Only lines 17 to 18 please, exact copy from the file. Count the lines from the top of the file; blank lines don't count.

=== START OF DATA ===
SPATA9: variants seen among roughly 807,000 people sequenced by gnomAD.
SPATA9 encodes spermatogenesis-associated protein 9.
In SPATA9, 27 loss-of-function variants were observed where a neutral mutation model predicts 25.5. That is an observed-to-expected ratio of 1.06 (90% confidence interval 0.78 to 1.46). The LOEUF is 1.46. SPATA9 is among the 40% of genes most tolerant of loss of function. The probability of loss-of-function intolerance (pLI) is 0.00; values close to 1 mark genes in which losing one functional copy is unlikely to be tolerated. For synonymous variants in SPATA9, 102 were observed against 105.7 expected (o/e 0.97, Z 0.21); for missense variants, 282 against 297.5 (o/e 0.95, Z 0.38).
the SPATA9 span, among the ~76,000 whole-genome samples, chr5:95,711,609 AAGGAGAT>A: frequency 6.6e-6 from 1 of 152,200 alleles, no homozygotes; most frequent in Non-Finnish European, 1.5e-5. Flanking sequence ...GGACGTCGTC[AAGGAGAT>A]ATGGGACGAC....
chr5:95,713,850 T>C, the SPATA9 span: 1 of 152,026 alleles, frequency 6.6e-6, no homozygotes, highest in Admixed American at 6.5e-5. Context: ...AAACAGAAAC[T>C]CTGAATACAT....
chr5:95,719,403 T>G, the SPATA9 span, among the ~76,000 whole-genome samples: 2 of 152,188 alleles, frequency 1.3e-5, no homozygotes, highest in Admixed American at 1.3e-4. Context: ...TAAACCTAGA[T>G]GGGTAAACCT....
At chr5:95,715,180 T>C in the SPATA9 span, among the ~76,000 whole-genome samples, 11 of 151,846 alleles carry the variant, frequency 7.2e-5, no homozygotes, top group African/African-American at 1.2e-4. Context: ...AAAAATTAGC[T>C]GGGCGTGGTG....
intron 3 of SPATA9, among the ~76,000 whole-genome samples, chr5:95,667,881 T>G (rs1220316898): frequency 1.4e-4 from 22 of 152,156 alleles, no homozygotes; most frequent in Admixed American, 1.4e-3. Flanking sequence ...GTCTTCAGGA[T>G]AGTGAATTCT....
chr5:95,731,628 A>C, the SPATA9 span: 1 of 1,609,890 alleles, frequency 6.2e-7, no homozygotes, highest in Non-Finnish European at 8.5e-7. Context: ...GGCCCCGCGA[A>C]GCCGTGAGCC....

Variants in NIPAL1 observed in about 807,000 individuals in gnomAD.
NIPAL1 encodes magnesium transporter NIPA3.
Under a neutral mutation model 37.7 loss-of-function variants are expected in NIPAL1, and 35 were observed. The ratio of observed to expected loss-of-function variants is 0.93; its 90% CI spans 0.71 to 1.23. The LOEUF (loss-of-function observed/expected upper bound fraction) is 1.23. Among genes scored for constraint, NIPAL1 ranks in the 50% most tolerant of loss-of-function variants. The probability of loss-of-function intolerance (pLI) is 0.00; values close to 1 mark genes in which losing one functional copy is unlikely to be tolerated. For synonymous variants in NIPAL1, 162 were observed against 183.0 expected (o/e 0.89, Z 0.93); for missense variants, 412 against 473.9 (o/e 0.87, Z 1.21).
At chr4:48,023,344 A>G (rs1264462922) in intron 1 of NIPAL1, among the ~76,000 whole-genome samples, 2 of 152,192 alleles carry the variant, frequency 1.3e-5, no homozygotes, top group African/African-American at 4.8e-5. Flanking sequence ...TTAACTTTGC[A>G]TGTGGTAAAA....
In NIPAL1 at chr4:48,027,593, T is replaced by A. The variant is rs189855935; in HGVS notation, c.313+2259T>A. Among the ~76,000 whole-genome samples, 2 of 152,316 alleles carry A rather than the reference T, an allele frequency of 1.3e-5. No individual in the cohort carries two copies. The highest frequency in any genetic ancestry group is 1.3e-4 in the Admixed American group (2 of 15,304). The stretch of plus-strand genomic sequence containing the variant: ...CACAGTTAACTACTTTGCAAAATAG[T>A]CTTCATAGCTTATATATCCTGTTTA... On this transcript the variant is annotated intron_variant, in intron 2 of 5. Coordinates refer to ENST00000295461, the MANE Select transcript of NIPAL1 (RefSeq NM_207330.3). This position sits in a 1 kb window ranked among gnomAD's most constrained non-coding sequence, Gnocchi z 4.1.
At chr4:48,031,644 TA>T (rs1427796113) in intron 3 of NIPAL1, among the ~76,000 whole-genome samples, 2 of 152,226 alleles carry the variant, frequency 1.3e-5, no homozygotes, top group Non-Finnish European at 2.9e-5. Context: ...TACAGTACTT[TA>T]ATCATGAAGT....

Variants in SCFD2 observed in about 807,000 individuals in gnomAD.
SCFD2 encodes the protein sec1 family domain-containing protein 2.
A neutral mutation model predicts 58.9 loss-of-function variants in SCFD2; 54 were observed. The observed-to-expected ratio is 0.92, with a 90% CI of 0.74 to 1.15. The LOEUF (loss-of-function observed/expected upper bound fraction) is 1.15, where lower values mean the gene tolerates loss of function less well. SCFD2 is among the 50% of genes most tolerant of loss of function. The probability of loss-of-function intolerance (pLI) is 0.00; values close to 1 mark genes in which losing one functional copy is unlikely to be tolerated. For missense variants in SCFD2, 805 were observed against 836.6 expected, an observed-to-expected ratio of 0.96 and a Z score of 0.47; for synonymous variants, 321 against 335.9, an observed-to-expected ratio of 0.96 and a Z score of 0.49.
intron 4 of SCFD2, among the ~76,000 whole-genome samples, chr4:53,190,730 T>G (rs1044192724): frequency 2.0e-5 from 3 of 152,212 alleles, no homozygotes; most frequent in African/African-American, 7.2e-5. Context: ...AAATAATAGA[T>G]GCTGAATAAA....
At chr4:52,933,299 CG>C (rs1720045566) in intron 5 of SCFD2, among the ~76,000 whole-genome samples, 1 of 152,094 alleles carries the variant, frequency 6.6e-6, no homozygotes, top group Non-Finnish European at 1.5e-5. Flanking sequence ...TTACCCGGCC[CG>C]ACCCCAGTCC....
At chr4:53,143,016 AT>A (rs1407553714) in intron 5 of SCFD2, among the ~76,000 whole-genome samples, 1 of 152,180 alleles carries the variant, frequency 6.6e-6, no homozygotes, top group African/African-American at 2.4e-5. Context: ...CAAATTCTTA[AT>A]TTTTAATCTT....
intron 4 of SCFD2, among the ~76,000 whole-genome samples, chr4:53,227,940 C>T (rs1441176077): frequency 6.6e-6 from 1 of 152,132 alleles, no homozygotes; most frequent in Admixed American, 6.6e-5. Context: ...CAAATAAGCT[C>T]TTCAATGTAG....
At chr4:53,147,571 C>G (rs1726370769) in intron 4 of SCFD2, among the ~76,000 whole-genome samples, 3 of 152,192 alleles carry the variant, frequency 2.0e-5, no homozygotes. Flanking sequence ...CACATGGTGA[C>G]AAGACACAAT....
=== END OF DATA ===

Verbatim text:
SCFD2 encodes the protein sec1 family domain-containing protein 2.
A neutral mutation model predicts 58.9 loss-of-function variants in SCFD2; 54 were observed. The observed-to-expected ratio is 0.92, with a 90% CI of 0.74 to 1.15. The LOEUF (loss-of-function observed/expected upper bound fraction) is 1.15, where lower values mean the gene tolerates loss of function less well. SCFD2 is among the 50% of genes most tolerant of loss of function. The probability of loss-of-function intolerance (pLI) is 0.00; values close to 1 mark genes in which losing one functional copy is unlikely to be tolerated. For missense variants in SCFD2, 805 were observed against 836.6 expected, an observed-to-expected ratio of 0.96 and a Z score of 0.47; for synonymous variants, 321 against 335.9, an observed-to-expected ratio of 0.96 and a Z score of 0.49.